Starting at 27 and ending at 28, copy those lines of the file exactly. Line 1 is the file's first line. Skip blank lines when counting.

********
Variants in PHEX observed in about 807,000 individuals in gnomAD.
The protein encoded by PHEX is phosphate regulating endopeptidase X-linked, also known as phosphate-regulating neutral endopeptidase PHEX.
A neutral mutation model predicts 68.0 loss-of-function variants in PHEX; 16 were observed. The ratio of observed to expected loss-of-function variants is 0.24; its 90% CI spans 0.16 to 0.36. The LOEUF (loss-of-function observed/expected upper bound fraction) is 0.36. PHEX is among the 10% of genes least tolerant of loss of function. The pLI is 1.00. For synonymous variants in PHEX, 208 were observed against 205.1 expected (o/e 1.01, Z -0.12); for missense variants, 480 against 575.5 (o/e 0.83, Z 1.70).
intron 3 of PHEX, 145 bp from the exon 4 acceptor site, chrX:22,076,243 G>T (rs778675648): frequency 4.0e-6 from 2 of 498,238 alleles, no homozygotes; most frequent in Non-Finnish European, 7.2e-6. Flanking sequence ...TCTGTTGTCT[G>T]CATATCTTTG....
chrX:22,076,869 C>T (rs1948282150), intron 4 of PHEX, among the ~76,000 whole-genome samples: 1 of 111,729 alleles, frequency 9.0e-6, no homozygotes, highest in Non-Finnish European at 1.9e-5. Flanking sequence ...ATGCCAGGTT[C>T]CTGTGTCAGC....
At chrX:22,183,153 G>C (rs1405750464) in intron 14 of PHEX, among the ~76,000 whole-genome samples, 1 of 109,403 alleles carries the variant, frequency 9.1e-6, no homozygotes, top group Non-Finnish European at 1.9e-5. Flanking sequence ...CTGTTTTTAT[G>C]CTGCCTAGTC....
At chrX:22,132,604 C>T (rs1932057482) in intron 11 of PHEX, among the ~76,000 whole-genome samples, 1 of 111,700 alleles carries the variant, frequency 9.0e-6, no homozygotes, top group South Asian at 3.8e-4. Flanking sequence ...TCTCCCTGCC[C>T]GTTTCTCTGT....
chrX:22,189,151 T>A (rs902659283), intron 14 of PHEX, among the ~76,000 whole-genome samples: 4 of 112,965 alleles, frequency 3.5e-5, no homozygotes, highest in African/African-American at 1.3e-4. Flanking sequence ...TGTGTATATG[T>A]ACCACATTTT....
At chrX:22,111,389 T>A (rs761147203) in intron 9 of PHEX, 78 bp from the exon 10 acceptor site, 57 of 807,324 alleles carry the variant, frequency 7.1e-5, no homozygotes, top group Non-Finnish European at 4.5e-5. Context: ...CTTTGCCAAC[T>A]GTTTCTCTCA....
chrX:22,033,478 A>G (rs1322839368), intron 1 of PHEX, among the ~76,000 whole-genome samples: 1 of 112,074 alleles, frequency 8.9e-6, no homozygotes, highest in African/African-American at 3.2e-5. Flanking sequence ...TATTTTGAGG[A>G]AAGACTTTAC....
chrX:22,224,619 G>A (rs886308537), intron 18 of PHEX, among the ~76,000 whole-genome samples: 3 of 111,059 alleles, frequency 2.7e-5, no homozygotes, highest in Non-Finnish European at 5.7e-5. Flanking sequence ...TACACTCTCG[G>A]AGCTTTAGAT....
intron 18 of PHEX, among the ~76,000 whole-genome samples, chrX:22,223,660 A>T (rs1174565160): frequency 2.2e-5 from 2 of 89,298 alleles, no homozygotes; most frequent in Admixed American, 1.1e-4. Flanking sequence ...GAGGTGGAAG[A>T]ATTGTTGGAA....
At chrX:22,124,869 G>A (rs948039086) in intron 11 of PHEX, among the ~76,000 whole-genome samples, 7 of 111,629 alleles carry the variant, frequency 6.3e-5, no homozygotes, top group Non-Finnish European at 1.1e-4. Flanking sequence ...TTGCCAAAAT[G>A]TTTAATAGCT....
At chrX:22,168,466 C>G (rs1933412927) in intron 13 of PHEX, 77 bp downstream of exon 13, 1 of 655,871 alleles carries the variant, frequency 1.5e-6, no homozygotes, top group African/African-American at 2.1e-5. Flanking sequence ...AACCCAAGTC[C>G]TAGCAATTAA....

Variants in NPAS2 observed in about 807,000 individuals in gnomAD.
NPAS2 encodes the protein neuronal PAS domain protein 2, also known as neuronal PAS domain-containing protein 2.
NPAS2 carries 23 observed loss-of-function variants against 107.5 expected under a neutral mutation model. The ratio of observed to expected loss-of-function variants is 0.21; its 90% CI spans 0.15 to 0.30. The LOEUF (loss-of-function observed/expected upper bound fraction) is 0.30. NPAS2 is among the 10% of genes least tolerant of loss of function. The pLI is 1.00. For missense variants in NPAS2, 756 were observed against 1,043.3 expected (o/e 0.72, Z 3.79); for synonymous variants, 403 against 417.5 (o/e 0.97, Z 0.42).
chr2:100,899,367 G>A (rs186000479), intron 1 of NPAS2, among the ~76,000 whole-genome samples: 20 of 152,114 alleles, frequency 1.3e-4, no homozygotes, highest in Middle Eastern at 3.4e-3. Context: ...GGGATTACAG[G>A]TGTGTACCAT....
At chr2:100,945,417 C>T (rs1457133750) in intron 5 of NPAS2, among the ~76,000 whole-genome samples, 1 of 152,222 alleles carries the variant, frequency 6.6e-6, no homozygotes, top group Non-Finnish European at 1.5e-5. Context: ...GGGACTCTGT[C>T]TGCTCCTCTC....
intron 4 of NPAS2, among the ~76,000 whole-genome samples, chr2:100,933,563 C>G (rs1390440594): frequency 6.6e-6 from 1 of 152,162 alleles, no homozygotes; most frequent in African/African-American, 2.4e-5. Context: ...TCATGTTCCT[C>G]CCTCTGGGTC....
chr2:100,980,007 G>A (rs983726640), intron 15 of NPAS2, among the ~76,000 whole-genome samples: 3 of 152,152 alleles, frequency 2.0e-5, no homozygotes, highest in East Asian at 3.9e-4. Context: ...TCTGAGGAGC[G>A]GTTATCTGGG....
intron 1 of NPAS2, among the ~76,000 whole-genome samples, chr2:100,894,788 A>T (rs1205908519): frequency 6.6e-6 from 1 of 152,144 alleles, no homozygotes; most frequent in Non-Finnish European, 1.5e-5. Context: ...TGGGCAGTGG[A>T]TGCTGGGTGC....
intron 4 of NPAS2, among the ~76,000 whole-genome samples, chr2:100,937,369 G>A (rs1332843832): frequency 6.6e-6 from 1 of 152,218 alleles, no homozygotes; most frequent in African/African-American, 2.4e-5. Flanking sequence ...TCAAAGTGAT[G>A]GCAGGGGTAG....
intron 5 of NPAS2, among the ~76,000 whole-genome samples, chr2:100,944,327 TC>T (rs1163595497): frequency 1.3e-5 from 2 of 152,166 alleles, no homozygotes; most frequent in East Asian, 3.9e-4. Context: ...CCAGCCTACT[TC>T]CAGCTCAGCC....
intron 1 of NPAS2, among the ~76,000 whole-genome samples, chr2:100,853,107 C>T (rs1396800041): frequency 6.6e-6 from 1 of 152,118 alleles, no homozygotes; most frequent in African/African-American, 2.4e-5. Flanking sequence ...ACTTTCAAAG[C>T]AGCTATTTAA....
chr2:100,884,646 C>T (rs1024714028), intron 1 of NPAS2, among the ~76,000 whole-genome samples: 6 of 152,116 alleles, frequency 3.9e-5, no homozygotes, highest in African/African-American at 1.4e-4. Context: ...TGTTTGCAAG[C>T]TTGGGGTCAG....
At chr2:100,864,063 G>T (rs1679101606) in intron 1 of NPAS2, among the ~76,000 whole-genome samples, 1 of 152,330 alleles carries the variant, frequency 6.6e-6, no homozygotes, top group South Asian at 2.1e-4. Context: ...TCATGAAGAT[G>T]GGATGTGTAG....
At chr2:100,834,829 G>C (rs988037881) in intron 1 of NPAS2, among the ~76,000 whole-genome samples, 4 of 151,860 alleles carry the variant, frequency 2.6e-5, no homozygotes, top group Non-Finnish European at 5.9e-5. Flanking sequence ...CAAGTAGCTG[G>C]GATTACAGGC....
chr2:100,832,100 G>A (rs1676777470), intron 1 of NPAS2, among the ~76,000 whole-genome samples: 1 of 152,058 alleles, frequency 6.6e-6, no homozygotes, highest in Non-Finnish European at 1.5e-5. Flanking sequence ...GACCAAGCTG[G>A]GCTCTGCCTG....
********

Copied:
At chr2:100,864,063 G>T (rs1679101606) in intron 1 of NPAS2, among the ~76,000 whole-genome samples, 1 of 152,330 alleles carries the variant, frequency 6.6e-6, no homozygotes, top group South Asian at 2.1e-4. Context: ...TCATGAAGAT[G>T]GGATGTGTAG....
At chr2:100,834,829 G>C (rs988037881) in intron 1 of NPAS2, among the ~76,000 whole-genome samples, 4 of 151,860 alleles carry the variant, frequency 2.6e-5, no homozygotes, top group Non-Finnish European at 5.9e-5. Flanking sequence ...CAAGTAGCTG[G>C]GATTACAGGC....